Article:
As Americans celebrate Independence Day and the world looks nervously toward uncertain political developments in Egypt, it's worth remembering the countries that have little to celebrate. 2012 was the seventh consecutive year that Freedom House's "Freedom in the World" report, an annual index of political and civil liberties across the globe, showed more declines than gains worldwide. Of the 47 places rated "not free," the following countries and territories were particularly repressive last year, earning the unfortunate distinction of the "Worst of the Worst" in the report.
The government of President Alexander Lukashenko, who has been in power since 1994 and is often described as "Europe's last dictator," continued to use violence and other forms of harassment against political opposition and the media. The government has responded to an economic crisis and decline in public support since the dubious election of 2010 by repressing civil society groups, banning activists and journalists from traveling, and sentencing protesters to prison for even the mildest forms of free expression -- including organizing "clapping" and "teddy bear" protests. In response to the crackdown, the European Union imposed additional sanctions in February 2012 on 21 officials involved in abuses of human rights. Parliamentary elections were held in September 2012, but they were neither free nor fair, with little representation from opposition parties. Although Belarus released two political prisoners in early 2012, at least a dozen more remain incarcerated.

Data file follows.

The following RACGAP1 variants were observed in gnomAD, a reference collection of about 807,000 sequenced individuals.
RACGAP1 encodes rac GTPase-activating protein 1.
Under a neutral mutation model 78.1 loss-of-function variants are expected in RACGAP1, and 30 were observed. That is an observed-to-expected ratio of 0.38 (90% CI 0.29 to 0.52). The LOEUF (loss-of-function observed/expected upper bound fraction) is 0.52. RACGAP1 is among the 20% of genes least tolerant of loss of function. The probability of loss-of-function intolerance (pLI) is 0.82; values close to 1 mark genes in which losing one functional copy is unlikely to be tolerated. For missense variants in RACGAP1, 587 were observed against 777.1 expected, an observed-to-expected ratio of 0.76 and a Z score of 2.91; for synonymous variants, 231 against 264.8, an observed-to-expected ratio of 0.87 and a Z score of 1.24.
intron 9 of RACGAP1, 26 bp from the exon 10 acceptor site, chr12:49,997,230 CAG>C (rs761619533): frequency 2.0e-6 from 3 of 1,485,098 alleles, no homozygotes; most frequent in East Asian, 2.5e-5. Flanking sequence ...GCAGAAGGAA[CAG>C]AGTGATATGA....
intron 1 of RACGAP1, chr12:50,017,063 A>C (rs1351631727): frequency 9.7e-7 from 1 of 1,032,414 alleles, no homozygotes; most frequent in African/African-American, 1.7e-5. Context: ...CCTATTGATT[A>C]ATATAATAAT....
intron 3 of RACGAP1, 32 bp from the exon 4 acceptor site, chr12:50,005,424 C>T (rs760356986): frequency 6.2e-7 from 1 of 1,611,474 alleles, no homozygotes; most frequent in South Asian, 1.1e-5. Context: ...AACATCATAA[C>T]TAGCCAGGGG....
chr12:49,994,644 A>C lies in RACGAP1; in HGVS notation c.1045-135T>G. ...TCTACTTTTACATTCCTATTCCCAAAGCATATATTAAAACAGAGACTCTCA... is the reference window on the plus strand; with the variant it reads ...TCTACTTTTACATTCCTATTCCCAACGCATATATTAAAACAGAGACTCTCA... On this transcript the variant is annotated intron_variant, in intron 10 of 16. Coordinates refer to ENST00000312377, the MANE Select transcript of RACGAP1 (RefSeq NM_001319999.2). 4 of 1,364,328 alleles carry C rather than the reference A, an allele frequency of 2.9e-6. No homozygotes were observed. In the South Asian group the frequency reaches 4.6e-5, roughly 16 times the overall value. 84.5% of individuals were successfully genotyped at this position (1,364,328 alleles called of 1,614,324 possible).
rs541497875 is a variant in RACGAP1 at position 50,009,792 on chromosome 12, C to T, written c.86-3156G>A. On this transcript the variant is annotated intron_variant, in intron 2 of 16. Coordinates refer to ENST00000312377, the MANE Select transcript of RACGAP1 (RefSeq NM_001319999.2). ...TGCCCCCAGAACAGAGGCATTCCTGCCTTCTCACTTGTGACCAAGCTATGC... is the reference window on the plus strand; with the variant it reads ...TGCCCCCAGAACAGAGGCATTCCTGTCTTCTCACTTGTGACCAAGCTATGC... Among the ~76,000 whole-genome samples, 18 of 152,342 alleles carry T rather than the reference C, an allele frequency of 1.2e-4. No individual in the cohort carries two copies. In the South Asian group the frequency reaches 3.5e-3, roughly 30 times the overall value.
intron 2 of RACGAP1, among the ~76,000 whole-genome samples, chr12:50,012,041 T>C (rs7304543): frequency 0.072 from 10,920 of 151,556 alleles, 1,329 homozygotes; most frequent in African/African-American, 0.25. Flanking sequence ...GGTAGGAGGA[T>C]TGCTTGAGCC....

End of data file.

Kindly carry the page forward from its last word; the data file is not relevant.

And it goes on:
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President Idriss Déby has been in power since leading a military coup in 1990 and was re-elected to another five-year term in 2011. During his time in power, ethnic and political conflict has displaced hundreds of thousands of people, and corruption and mismanagement are rife. The country recently faced a severe food crisis due to rising food prices and a drought. Despite a mildly improved security situation in recent months, rebel groups continue to kill and torture with impunity. In June 2011, the government signed a peace agreement with the rebel group Popular Front for Recovery (FPR) as well as an action plan with the United Nations to end the use of child soldiers by security forces. Last week, a Senegalese court charged former Chadian dictator Hissène Habré with crimes against humanity, the first instance in which an African leader has been charged with such a crime in a domestic court rather than an international tribunal. This past May, army officers and a member of the opposition were arrested after attempting to organize a coup.
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More than half of the people in the world living in "not free" countries live in China, according to Freedom House. The Chinese Communist Party maintains a tight grip on political power, depriving citizens of the right to elect leaders and hold the government accountable for its misdeeds. At the 18th Party Congress in November 2012, Xi Jinping was selected to serve as the new Communist Party leader, and took over as president starting in March 2013. The make-up of the new party leadership and its actions during its first months in power have largely disappointed those hoping for meaningful political liberalization. Almost immediately, steps were taken to reinforce Internet censorship and surveillance. Despite Xi's public calls to fight corruption and abuses of power, activists urging officials to declare their assets or documenting torture have faced harassment and arrest.